Luther reacted against a distinction made by the Scholastics between fides informis and fides formata. A summary of Luther’s concerns can be stated under these two heads:
1. Fides informis: a faith that is speculative in nature and in no way connected to love and holiness. Luther, because of his fiery temperament sometimes sounds as if he embraced something similar to this kind of faith as justifying faith. However, a closer look at Luther’s views will reveal otherwise.
2. Fides formata: a faith perfected by love and the good works that spring from it. The Scholastics affirmed that it was this kind of faith that justified. While not embracing fides informis as justifying faith, his strongest objection was against the doctrine which affirmed that fides formata was the faith that justified.

Luther observed that the Scholastics and the Romanist that followed them taught that:
1. Faith indeed justifies.
2. Faith, however, in order to justify must be perfected by charity.
3. Charity and good works thus embellishes faith and adds efficacy to it.

Luther countered by insisting that:
1. Jesus Christ rather than good works adorns and perfects faith.
2. Faith not charity apprehends Christ.
3. Thus he says: "Christ apprehended by faith and dwelling in the heart is the true Christian righteousness, for which God counteth us righteous, and giveth us eternal life."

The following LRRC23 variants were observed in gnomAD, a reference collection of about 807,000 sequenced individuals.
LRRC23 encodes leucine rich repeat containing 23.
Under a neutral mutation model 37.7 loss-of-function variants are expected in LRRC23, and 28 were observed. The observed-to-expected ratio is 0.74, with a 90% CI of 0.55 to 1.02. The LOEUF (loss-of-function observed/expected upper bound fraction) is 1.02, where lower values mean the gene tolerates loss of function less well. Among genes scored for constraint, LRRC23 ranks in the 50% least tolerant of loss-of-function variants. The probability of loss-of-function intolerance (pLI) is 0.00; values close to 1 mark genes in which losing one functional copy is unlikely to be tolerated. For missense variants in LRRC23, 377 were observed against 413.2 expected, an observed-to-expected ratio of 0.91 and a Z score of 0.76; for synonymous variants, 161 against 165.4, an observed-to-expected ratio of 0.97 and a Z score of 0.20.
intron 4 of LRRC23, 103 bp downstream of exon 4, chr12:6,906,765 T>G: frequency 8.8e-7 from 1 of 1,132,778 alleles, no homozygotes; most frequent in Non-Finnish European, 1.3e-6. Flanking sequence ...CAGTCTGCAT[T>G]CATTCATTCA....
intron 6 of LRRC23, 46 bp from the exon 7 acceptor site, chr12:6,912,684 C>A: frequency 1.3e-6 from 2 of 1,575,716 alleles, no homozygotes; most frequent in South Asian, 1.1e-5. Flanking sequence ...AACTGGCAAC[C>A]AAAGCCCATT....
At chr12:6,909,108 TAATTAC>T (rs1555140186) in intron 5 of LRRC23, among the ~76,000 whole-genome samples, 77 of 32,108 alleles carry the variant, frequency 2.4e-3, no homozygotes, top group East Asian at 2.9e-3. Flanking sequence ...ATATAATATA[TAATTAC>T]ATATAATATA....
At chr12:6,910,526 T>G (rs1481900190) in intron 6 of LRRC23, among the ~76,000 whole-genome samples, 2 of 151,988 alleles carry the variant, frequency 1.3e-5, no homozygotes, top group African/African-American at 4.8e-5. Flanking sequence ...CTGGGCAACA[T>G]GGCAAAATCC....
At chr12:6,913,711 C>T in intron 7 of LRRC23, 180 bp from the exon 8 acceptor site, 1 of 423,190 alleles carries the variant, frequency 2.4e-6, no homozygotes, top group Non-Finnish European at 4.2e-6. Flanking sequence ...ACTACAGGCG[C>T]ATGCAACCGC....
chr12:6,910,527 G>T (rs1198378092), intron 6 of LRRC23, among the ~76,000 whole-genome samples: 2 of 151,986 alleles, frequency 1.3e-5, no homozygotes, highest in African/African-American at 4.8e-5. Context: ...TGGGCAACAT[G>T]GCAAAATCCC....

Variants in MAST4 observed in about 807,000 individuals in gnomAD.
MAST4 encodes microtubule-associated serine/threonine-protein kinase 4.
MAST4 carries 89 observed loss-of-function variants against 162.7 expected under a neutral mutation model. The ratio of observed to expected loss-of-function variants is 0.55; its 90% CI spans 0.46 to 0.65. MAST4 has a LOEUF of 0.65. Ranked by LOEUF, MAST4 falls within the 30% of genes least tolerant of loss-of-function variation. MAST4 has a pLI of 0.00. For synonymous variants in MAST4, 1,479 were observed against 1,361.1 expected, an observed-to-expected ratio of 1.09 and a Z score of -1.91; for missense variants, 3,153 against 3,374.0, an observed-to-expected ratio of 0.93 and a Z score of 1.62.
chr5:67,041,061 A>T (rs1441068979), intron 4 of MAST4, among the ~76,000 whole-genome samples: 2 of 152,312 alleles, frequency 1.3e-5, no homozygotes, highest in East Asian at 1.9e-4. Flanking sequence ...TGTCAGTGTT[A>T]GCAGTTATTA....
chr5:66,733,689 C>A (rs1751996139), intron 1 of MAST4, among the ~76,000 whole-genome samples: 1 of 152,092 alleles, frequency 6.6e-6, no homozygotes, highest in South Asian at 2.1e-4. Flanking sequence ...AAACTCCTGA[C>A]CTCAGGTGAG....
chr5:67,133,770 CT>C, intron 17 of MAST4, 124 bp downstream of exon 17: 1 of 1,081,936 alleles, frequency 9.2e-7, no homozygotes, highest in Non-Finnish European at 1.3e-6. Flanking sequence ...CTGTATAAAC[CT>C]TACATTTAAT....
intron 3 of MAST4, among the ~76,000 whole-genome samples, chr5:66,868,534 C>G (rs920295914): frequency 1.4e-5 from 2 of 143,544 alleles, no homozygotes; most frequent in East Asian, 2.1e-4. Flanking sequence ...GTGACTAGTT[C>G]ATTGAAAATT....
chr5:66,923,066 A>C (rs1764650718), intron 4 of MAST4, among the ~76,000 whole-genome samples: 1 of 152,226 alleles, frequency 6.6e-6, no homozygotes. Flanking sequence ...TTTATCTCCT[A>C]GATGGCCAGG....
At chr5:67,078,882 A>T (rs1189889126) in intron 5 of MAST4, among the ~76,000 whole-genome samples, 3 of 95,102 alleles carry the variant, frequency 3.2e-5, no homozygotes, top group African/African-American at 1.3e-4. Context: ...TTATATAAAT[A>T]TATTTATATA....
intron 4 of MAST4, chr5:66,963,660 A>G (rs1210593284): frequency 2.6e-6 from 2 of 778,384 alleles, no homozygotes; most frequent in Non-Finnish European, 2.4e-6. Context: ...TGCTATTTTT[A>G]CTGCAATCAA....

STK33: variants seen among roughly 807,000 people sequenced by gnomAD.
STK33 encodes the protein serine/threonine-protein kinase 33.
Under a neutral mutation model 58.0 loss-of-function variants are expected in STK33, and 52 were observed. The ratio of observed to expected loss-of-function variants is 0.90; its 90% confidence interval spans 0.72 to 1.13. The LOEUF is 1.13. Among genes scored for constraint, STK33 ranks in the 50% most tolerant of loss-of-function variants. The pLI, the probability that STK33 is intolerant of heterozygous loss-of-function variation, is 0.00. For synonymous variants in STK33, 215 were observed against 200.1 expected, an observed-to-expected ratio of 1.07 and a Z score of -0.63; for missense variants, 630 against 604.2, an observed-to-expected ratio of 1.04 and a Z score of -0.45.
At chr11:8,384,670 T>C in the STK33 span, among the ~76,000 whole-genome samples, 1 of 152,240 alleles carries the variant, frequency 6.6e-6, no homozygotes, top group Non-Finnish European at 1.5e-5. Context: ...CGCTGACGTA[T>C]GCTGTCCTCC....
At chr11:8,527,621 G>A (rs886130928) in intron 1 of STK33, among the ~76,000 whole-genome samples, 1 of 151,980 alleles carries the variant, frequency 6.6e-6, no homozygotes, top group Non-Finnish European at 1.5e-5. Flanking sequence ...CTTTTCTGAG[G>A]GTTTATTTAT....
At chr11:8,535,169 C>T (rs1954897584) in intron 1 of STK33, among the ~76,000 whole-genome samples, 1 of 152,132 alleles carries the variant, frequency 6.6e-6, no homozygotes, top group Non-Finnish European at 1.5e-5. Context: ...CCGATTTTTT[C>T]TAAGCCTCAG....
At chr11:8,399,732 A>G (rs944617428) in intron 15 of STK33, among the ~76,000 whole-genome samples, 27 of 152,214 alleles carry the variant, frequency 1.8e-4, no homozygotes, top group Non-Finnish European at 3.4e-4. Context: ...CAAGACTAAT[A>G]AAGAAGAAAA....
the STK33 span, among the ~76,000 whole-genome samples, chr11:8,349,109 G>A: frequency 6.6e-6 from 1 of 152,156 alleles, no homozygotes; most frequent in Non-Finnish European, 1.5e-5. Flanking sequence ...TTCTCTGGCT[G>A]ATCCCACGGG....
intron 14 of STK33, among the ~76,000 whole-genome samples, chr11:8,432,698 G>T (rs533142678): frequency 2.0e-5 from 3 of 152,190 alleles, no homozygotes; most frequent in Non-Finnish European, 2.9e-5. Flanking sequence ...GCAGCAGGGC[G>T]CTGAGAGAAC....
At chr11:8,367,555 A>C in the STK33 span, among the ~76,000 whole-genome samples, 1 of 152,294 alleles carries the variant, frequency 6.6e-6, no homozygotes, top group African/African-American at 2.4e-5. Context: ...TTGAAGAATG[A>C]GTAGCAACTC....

Unlike Luther, Bucer was much more moderate in his a approach. This is evident in that he lamented the fact that faith and love or faith and holiness should even be separated at all. In light of the teaching of St. Paul that true faith is a "lively" faith he did not object to formata being applied to justifying faith.

The English Reformers.
Thomas Cranmer.

Archbishop Thomas Cranmer expressed his belief in the doctrine of Justification by faith alone in his Homily of Salvation citing three things which must coincide in the justification of man:
1. God’s part: "His great mercy and grace."
2. Christ’s part: "the satisfaction of God’s justice."
3. Man’s part: "faith in the merits of Jesus Christ."

In stating his views on justification, Cranmer was self-consciously stating what he believed was not only the teaching of Scripture, but that of the early fathers as well: "This faith the Holy Scripture teacheth ... this doctrine all old and ancient authors of Christ’s Church do approve."

John Jewel
Bishop Jewel stressed in his Apology of the Church of England the necessary assertion that, while good works cannot precede justification, they must follow it: "Though we say we have no meed at all by our own works and deeds, but appoint all the means of our salvation to be in Christ alone, yet say we not that for this cause men ought to live loosely and dissolutely, nor that it is enough for a Christian to be baptized only and to believe, as though there were nothing else required at his hand. For true faith is lively, and can in no wise be idle."

Richard Hooker.
Richard Hooker portrayed the doctrine of justification in poetic fashion using Scriptural language: he pictured faith as "the only hand which putteth on Christ unto justification; and Christ the only garment, which, being so put on, covereth the shame of our defiled nature ..."

A summary of the English Reformers’ recovery of the early Church’s teaching on justification:
1. They were self-consciously and deliberately returning to the doctrines taught in the Scriptures as understood by the ancient fathers.